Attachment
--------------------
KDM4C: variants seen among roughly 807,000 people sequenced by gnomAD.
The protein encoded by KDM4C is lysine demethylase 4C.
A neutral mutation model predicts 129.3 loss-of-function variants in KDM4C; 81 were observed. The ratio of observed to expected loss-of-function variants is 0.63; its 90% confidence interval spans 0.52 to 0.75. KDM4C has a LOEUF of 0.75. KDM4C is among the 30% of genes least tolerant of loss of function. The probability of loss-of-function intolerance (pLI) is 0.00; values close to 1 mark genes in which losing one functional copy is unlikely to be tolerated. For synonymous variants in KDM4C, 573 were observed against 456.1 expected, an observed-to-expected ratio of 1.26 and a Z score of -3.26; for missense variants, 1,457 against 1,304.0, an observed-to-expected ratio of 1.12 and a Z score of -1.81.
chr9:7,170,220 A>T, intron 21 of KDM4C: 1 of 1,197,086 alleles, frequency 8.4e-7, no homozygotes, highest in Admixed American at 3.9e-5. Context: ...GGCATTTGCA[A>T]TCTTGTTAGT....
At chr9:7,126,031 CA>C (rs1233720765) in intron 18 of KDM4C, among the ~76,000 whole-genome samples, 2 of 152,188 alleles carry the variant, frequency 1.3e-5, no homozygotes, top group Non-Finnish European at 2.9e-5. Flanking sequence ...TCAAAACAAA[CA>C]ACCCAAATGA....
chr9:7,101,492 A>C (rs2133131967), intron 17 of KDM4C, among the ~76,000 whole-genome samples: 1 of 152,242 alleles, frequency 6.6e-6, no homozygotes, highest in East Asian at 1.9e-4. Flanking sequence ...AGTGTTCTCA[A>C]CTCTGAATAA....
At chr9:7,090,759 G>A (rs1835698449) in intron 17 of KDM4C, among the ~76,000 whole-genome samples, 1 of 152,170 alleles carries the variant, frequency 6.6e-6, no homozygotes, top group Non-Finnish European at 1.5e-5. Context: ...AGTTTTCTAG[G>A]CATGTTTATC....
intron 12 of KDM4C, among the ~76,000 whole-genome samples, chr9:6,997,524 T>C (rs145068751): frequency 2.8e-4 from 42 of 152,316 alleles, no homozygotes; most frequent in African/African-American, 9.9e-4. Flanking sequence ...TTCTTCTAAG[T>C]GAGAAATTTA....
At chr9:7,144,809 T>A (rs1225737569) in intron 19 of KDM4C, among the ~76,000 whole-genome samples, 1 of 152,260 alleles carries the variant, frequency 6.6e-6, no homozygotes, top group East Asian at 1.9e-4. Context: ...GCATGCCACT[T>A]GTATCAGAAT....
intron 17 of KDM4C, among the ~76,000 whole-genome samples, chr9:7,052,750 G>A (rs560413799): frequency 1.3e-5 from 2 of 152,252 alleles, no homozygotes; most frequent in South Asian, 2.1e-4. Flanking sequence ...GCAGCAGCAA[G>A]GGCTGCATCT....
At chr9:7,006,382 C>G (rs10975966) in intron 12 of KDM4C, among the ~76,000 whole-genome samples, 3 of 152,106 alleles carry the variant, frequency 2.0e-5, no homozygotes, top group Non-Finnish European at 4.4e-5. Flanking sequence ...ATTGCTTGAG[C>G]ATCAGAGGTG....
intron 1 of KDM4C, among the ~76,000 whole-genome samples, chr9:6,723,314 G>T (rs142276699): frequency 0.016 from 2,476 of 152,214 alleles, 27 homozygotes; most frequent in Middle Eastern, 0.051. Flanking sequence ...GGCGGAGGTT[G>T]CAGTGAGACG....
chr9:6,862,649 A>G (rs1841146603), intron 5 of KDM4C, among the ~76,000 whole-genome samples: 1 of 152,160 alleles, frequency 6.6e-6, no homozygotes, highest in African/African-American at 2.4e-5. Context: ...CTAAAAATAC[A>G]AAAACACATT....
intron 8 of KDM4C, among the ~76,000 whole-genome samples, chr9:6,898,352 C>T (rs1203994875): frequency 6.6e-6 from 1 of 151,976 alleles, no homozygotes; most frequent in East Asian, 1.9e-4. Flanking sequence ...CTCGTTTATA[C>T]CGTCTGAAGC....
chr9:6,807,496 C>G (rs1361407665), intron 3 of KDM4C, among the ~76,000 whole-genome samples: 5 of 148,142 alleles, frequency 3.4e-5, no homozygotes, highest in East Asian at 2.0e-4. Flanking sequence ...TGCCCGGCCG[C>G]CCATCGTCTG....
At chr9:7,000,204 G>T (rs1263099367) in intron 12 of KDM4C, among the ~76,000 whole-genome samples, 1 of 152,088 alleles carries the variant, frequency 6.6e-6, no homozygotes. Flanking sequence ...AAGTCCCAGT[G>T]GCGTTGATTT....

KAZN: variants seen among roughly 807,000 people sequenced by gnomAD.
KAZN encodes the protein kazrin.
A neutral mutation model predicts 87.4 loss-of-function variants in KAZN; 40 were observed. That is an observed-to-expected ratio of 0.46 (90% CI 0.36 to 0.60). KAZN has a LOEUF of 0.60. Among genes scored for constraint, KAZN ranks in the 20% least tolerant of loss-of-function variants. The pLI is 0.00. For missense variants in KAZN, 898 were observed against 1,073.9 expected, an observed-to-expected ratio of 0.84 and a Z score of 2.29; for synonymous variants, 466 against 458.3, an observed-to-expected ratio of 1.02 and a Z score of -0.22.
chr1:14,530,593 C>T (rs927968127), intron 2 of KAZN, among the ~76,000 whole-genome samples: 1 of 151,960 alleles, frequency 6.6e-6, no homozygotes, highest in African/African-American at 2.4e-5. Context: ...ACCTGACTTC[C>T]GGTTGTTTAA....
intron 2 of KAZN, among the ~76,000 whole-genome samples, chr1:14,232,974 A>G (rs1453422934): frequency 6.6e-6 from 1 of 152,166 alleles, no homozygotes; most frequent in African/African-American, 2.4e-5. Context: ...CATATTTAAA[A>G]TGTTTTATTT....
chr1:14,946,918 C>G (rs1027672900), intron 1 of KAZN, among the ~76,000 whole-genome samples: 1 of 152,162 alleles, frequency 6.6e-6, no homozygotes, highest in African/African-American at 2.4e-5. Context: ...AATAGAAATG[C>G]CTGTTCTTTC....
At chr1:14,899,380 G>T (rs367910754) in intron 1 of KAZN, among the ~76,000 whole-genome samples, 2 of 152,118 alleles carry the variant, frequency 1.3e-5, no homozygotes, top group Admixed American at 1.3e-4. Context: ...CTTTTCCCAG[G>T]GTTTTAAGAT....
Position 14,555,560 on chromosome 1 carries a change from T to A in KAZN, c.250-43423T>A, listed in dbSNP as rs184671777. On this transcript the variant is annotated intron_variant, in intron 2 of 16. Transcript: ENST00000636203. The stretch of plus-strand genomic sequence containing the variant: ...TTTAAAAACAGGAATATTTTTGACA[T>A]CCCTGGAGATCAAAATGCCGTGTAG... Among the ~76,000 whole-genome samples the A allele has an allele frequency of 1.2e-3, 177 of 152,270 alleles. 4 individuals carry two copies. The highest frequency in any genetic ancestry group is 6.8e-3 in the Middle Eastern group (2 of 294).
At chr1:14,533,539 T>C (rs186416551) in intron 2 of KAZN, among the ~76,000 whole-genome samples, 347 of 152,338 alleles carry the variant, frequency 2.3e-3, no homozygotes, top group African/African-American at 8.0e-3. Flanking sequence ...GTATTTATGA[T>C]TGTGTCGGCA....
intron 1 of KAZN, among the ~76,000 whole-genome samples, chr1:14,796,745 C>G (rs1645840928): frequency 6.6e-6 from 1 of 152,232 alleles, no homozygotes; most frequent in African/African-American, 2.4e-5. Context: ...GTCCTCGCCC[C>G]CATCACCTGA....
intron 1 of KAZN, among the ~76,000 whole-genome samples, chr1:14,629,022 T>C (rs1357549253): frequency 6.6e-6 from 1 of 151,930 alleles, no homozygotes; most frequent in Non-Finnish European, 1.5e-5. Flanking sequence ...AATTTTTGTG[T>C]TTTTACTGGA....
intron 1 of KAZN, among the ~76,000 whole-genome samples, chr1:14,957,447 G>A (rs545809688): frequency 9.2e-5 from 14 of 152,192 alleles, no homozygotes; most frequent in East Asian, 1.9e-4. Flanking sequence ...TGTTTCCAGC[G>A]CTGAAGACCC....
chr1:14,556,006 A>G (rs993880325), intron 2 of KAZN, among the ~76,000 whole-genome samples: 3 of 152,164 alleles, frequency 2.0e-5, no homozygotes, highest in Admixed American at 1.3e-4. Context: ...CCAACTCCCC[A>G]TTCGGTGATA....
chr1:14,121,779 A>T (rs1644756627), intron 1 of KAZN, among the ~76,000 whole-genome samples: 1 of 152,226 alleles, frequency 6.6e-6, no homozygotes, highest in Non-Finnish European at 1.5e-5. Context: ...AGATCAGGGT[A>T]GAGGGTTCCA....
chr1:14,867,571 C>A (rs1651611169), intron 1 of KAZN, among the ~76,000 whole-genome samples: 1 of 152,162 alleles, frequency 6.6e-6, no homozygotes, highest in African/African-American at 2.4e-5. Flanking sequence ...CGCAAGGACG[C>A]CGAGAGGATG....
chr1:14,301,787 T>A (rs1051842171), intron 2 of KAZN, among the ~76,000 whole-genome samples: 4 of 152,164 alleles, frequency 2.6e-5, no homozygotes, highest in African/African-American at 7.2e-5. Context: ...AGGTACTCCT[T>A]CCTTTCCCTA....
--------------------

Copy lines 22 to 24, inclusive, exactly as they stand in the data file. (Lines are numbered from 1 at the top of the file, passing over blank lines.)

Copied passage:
chr1:14,946,918 C>G (rs1027672900), intron 1 of KAZN, among the ~76,000 whole-genome samples: 1 of 152,162 alleles, frequency 6.6e-6, no homozygotes, highest in African/African-American at 2.4e-5. Context: ...AATAGAAATG[C>G]CTGTTCTTTC....
At chr1:14,899,380 G>T (rs367910754) in intron 1 of KAZN, among the ~76,000 whole-genome samples, 2 of 152,118 alleles carry the variant, frequency 1.3e-5, no homozygotes, top group Admixed American at 1.3e-4. Context: ...CTTTTCCCAG[G>T]GTTTTAAGAT....
Position 14,555,560 on chromosome 1 carries a change from T to A in KAZN, c.250-43423T>A, listed in dbSNP as rs184671777. On this transcript the variant is annotated intron_variant, in intron 2 of 16. Transcript: ENST00000636203. The stretch of plus-strand genomic sequence containing the variant: ...TTTAAAAACAGGAATATTTTTGACA[T>A]CCCTGGAGATCAAAATGCCGTGTAG... Among the ~76,000 whole-genome samples the A allele has an allele frequency of 1.2e-3, 177 of 152,270 alleles. 4 individuals carry two copies. The highest frequency in any genetic ancestry group is 6.8e-3 in the Middle Eastern group (2 of 294).